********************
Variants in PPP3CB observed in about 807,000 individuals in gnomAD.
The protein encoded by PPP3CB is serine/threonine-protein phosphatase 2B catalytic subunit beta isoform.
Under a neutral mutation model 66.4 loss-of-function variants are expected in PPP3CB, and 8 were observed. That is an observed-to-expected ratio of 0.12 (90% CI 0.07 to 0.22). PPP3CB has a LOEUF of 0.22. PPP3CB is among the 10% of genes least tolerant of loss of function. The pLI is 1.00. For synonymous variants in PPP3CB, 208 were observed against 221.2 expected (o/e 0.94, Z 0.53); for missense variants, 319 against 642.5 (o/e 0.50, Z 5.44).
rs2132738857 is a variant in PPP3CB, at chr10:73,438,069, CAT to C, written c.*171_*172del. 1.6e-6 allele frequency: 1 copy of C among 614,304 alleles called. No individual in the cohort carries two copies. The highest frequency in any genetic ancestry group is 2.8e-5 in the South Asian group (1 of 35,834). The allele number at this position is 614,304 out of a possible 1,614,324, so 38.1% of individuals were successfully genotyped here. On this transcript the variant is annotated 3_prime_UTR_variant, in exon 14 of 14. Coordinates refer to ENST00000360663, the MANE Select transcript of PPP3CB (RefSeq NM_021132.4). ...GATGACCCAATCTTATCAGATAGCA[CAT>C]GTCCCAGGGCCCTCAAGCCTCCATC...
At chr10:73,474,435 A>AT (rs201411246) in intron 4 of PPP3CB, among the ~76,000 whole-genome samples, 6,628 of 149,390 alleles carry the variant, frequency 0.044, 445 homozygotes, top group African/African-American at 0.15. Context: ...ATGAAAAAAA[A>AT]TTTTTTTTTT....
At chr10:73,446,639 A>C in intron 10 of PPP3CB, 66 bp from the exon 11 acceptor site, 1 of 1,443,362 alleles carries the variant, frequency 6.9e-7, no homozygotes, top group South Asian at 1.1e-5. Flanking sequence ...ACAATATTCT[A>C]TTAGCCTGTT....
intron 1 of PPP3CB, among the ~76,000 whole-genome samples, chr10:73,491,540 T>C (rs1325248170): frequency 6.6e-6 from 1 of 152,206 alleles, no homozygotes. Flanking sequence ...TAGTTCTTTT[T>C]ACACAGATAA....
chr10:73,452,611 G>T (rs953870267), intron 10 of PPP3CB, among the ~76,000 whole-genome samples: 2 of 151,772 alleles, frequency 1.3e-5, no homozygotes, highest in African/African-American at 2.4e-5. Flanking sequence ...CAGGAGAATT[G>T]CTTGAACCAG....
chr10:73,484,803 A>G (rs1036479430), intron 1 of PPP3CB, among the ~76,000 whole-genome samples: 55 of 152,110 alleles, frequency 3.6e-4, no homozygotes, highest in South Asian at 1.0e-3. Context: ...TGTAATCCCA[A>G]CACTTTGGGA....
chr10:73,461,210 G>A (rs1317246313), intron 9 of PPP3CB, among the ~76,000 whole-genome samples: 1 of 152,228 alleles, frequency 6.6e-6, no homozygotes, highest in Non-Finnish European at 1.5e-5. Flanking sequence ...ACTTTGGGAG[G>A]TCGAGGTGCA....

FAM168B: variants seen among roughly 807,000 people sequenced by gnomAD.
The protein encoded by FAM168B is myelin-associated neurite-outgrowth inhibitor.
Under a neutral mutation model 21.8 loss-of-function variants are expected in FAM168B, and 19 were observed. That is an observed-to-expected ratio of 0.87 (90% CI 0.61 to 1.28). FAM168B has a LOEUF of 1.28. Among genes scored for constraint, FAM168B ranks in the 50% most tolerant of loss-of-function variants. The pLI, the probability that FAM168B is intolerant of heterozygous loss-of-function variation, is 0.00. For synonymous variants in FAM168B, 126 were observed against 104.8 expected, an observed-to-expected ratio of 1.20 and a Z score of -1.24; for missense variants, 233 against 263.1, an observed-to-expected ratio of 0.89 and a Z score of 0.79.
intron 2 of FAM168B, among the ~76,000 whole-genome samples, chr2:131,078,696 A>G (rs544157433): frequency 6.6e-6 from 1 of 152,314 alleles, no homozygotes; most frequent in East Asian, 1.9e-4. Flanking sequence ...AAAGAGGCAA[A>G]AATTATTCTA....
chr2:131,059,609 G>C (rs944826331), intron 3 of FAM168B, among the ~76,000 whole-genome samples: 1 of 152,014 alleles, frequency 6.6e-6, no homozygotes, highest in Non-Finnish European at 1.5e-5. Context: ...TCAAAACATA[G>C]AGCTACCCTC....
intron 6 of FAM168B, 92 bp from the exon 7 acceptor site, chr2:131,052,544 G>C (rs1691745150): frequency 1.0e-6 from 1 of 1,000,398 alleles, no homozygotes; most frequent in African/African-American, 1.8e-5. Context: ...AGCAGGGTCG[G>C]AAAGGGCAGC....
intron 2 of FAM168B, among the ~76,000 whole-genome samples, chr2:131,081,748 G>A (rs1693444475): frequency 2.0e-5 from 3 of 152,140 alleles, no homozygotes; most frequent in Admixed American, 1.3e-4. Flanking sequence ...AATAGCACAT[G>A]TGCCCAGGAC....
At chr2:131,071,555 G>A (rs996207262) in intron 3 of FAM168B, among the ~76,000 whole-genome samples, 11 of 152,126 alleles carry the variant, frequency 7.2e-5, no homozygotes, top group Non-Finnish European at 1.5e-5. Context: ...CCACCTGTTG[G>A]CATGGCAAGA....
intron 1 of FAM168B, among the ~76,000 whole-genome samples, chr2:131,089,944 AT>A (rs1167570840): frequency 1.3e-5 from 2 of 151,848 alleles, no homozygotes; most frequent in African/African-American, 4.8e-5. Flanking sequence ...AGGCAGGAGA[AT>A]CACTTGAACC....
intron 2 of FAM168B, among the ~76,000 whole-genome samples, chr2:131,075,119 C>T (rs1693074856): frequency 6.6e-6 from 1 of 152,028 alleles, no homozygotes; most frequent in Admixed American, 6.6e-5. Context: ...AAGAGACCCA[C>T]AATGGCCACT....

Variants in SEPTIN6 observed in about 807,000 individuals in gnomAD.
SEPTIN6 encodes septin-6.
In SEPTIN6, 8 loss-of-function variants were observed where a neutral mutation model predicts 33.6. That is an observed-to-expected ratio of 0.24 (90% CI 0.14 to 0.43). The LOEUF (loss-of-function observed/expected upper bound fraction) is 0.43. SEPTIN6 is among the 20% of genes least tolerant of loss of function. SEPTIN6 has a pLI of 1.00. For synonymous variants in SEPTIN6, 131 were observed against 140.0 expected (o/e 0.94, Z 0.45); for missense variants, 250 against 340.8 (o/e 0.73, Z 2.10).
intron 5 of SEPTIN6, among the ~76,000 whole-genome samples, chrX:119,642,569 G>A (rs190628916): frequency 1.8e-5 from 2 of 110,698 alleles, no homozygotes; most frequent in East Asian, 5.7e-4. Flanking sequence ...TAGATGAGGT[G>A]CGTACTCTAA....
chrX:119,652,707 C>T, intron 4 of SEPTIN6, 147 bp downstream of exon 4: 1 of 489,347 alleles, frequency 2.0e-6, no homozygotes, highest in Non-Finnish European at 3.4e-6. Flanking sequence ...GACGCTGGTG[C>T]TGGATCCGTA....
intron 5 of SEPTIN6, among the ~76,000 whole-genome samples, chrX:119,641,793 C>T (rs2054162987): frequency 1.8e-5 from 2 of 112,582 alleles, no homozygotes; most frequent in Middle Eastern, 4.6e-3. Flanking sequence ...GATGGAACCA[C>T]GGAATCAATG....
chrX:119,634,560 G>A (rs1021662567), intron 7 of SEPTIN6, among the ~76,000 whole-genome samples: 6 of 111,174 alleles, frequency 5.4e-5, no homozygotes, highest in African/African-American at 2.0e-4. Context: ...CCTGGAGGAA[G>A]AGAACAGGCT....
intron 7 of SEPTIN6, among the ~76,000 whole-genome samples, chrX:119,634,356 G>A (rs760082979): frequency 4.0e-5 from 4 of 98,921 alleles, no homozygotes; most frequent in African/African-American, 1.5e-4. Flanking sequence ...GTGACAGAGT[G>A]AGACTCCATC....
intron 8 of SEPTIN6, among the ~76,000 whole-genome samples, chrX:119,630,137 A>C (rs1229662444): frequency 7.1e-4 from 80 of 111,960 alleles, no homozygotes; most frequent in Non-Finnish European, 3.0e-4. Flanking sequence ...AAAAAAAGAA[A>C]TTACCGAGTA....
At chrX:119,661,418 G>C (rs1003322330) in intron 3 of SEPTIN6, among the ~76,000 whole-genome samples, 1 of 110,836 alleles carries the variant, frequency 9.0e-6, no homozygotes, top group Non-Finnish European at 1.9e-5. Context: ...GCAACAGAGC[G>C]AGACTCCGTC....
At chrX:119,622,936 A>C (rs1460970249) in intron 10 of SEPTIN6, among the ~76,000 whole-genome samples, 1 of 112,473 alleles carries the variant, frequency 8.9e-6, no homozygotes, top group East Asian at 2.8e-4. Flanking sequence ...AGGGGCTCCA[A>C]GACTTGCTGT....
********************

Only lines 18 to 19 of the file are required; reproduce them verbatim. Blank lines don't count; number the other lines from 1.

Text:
At chr2:131,071,555 G>A (rs996207262) in intron 3 of FAM168B, among the ~76,000 whole-genome samples, 11 of 152,126 alleles carry the variant, frequency 7.2e-5, no homozygotes, top group Non-Finnish European at 1.5e-5. Context: ...CCACCTGTTG[G>A]CATGGCAAGA....
intron 1 of FAM168B, among the ~76,000 whole-genome samples, chr2:131,089,944 AT>A (rs1167570840): frequency 1.3e-5 from 2 of 151,848 alleles, no homozygotes; most frequent in African/African-American, 4.8e-5. Flanking sequence ...AGGCAGGAGA[AT>A]CACTTGAACC....